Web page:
On the way home from Paris, I felt anxious. I’ve never been a good flier. I’ve always felt my pulse quicken, my heart clank around inside my chest, my palms slicken with sweat. I also felt claustrophobic. A little brochure in the back of the seat told us that the plain – an Airbus – fit 516 people on it. And the plane was full. And I was in a middle seat in the heart of Economy. You get the picture.
As we were taxiing before takeoff, an image came on the little television screen in front of me. It was an image of a plane. Not just a plane, but our plane. Our enormous monster of a plane, our means for getting home. I watched. I watched as our plane inched along toward the runway, turning carefully to face the right direction. I watched as rain came, little drops pelting the lens of the camera. I watched as we sped up, and took off. And then I stopped watching. I’d seen enough.
After I ate the airplane food – champagne and Camembert, ravioli and a gummy bread pudding thing, I decided to read. I had brought one physical book with me, a writing book, a book called Why We Write. And I read and I read and the world around me, this little world in the belly of a big plane, fell away. The book: it was, and is, a collection of essays by big-time writers on why they write and how they write. These two questions – the why, and the how – of writing have long fascinated me. It intrigues me to read other people’s accounts of why they do this amazing and maddening thing it is I’ve chosen to do, this thing that is still relatively new to me. It inspires me to realize, again and again, that other people, even the greats, find writing to be very mysterious and hard.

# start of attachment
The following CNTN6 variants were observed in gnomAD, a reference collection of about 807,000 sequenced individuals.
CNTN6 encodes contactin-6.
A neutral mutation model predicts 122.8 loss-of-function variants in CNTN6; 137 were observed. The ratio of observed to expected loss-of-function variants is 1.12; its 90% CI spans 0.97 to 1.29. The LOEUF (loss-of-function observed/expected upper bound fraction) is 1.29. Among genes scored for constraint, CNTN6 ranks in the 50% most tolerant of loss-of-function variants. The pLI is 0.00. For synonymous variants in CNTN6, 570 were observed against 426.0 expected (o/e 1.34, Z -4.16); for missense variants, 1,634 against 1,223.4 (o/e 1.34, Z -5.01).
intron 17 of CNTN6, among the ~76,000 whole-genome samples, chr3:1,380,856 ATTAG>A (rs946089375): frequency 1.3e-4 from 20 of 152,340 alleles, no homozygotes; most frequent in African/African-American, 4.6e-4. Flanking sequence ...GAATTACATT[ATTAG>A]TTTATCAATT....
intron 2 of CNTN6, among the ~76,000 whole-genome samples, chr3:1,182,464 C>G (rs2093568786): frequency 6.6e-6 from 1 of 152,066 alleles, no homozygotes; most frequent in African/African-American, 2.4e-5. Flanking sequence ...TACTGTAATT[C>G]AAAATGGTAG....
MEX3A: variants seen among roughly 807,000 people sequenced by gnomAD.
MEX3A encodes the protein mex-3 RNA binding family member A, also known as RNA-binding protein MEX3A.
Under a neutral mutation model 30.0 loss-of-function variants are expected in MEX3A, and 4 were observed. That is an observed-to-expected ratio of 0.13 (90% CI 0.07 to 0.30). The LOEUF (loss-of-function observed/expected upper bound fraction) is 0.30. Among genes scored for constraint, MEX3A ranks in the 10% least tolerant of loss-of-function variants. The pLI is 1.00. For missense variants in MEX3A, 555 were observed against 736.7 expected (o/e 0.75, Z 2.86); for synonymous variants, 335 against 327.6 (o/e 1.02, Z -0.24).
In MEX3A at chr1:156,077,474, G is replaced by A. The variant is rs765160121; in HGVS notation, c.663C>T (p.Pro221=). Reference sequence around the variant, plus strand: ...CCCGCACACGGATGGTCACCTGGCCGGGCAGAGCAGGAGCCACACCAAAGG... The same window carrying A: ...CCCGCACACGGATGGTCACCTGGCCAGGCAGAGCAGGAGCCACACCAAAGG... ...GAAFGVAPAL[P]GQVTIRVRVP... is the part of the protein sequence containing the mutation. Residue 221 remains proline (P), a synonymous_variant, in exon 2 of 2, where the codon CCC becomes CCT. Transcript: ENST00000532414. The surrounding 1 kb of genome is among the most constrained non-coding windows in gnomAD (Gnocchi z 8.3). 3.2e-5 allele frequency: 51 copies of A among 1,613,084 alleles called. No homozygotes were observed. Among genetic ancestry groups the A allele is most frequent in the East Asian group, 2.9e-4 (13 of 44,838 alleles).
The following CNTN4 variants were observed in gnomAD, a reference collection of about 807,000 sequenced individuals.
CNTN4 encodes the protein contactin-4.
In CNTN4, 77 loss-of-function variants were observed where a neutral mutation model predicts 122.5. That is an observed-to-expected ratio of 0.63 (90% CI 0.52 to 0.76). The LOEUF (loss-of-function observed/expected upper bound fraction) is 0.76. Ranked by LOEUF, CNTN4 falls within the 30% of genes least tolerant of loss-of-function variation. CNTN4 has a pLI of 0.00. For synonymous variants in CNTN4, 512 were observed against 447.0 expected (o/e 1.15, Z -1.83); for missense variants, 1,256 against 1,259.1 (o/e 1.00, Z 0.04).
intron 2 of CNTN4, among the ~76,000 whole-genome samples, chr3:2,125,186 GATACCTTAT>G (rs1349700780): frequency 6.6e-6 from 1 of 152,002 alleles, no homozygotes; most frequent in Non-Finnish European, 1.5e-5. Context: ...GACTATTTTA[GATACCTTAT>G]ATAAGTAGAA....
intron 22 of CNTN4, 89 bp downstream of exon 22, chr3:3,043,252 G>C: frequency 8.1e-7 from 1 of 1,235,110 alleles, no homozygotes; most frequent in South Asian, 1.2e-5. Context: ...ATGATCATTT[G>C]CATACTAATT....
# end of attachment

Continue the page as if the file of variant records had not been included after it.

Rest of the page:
Anyway, there is a point. The point is that I don’t just love writing, but I love thinking about writing. I also love writing about writing. I’m not sure I will ever know why it is I do this, why I walked away from a promising and lucrative career in the law, why I duck into the nooks and crannies of crowded city coffee shops to plug in when I could be giggling with my kids. I might not know why, but I know there is a why.
Anyway, this is a very ineloquent way of saying something: I plan to spend more time writing about writing here, excavating the soil of the craft, parsing the words of the heavy-hitters, wondering why this work continues to hold great meaning for me. I know that you are all not writers yourself. But that doesn’t alarm me, or make me hesitate. No. The reality is that most of these questions are not really about writing, but about living, and I know with all my heart – whether it’s mellow or midflight-raucous – that meditations on the written word are, at bottom, meditations on the lived life.
Anyway, we’ll see. I’ve always been a girl without a focus, and proudly so. I’ve always celebrated the fact that I’m scattered – a mom of three, a city creature, a writer of fiction and truth, a hostess of parties, an asker of questions. But maybe I’ve had a focus all along, one that blinked brightly on a dim plane over the Atlantic as my heart freaked and my palms clammed and I made my way home.
Are you willing to read my words about writing? Because I’m going to write them. Do you have any suggestions of good books or blogs on the writing life? Thanks in advance for your recommendations!